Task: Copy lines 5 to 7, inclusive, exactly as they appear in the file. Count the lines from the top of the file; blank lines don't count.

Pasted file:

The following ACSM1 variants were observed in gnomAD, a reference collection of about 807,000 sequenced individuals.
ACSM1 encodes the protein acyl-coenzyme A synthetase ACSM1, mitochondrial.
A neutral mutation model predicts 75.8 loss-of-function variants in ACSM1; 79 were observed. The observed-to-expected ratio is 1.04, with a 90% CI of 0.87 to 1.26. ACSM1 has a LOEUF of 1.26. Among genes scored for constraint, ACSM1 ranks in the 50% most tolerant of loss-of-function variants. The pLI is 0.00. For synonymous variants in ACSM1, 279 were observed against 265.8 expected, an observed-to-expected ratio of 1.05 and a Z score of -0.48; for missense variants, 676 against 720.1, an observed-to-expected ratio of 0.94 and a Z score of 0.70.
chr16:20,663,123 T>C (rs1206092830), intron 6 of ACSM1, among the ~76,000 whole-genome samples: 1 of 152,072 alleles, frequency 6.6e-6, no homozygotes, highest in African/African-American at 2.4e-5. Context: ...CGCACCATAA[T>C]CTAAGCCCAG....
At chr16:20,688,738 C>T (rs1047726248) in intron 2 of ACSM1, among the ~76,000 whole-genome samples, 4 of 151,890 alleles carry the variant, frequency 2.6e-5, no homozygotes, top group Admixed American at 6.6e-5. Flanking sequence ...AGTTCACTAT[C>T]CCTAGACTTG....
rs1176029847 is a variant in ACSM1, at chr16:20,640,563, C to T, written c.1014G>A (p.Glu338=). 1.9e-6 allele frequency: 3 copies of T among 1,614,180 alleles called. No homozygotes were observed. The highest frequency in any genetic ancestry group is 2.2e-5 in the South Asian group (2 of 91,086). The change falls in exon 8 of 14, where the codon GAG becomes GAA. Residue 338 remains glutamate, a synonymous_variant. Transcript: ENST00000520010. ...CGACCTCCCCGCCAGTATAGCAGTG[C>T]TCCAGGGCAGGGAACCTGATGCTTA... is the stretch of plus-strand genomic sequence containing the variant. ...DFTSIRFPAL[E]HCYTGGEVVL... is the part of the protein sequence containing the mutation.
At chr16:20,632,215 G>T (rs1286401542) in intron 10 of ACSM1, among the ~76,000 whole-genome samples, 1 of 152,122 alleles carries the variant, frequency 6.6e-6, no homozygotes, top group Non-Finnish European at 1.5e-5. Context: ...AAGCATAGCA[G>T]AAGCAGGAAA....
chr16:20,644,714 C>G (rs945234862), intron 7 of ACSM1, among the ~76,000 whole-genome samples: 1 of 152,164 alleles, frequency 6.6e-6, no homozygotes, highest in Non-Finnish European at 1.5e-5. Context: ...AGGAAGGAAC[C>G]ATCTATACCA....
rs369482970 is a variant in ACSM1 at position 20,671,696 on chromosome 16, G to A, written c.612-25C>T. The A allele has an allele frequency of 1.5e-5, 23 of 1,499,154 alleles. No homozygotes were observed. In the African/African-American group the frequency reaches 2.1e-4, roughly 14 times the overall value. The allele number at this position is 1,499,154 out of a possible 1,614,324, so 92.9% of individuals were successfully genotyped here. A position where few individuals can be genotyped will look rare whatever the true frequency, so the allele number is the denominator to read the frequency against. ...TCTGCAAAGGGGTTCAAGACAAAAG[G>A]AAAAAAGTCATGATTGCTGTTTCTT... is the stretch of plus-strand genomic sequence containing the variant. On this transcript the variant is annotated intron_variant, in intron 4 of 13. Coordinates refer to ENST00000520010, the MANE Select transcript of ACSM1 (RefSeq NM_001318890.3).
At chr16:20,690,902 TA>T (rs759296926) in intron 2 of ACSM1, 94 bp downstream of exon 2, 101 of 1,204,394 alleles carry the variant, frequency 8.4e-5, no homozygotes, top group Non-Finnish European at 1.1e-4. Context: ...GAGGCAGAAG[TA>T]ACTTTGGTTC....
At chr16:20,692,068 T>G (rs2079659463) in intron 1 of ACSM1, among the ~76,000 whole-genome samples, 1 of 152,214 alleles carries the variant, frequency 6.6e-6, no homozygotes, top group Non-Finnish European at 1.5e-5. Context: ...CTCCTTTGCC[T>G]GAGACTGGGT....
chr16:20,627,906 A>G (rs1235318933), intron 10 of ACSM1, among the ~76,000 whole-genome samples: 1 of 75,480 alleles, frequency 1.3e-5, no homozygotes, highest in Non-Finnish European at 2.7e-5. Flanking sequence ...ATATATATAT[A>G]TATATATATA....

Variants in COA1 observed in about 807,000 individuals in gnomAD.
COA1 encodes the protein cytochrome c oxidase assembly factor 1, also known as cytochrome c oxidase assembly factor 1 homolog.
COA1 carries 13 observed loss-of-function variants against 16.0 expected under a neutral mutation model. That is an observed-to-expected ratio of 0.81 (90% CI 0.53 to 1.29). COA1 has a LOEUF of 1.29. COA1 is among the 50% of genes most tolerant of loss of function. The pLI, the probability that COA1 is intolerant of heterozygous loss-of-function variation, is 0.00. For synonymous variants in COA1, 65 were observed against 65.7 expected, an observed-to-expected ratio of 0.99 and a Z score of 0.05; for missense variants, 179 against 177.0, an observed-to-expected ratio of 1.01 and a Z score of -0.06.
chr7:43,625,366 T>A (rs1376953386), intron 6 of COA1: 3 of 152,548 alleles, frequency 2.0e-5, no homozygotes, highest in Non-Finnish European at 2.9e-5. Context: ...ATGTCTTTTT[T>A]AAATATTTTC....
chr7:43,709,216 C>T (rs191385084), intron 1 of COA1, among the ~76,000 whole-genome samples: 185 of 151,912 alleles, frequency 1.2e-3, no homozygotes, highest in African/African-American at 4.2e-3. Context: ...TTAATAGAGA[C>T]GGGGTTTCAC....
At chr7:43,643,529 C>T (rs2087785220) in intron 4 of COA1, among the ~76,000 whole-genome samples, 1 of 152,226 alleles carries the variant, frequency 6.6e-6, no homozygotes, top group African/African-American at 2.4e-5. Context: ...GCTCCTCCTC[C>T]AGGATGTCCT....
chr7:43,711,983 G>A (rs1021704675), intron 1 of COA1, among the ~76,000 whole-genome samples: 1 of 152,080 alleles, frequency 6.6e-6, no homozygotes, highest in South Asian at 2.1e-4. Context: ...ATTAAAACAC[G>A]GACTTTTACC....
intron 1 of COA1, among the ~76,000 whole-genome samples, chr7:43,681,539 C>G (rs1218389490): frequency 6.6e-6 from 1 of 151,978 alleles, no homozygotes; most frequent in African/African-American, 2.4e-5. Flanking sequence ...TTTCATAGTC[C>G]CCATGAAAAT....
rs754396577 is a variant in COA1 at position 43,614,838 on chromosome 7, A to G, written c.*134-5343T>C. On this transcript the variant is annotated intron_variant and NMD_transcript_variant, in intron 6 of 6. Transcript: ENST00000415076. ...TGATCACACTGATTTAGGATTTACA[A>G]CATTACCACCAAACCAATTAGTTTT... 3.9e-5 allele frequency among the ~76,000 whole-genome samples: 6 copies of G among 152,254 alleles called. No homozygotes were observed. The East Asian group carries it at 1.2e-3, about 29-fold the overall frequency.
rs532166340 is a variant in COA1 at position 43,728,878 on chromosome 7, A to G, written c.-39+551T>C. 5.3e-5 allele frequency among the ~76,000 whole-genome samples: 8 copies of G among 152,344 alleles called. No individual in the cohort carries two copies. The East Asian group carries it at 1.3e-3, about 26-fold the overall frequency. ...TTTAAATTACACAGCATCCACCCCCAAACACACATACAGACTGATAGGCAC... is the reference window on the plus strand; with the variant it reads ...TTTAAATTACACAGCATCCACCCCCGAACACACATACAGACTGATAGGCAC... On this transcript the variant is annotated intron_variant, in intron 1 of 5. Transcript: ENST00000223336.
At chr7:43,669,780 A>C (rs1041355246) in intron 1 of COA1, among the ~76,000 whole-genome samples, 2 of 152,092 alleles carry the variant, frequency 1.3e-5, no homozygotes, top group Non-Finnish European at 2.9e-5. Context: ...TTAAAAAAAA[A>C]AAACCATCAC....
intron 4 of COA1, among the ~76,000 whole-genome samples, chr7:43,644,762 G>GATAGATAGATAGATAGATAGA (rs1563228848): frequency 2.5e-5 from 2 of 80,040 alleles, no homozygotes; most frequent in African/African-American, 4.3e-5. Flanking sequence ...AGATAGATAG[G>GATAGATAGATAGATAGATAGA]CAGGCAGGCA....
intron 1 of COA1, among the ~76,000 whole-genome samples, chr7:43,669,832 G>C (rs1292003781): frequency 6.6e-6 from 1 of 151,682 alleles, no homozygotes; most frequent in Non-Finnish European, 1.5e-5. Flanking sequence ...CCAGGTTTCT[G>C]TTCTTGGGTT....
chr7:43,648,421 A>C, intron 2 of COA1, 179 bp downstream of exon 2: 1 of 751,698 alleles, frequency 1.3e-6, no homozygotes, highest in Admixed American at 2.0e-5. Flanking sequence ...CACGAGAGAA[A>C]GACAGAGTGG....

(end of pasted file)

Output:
At chr16:20,688,738 C>T (rs1047726248) in intron 2 of ACSM1, among the ~76,000 whole-genome samples, 4 of 151,890 alleles carry the variant, frequency 2.6e-5, no homozygotes, top group Admixed American at 6.6e-5. Flanking sequence ...AGTTCACTAT[C>T]CCTAGACTTG....
rs1176029847 is a variant in ACSM1, at chr16:20,640,563, C to T, written c.1014G>A (p.Glu338=). 1.9e-6 allele frequency: 3 copies of T among 1,614,180 alleles called. No homozygotes were observed. The highest frequency in any genetic ancestry group is 2.2e-5 in the South Asian group (2 of 91,086). The change falls in exon 8 of 14, where the codon GAG becomes GAA. Residue 338 remains glutamate, a synonymous_variant. Transcript: ENST00000520010. ...CGACCTCCCCGCCAGTATAGCAGTG[C>T]TCCAGGGCAGGGAACCTGATGCTTA... is the stretch of plus-strand genomic sequence containing the variant. ...DFTSIRFPAL[E]HCYTGGEVVL... is the part of the protein sequence containing the mutation.
At chr16:20,632,215 G>T (rs1286401542) in intron 10 of ACSM1, among the ~76,000 whole-genome samples, 1 of 152,122 alleles carries the variant, frequency 6.6e-6, no homozygotes, top group Non-Finnish European at 1.5e-5. Context: ...AAGCATAGCA[G>T]AAGCAGGAAA....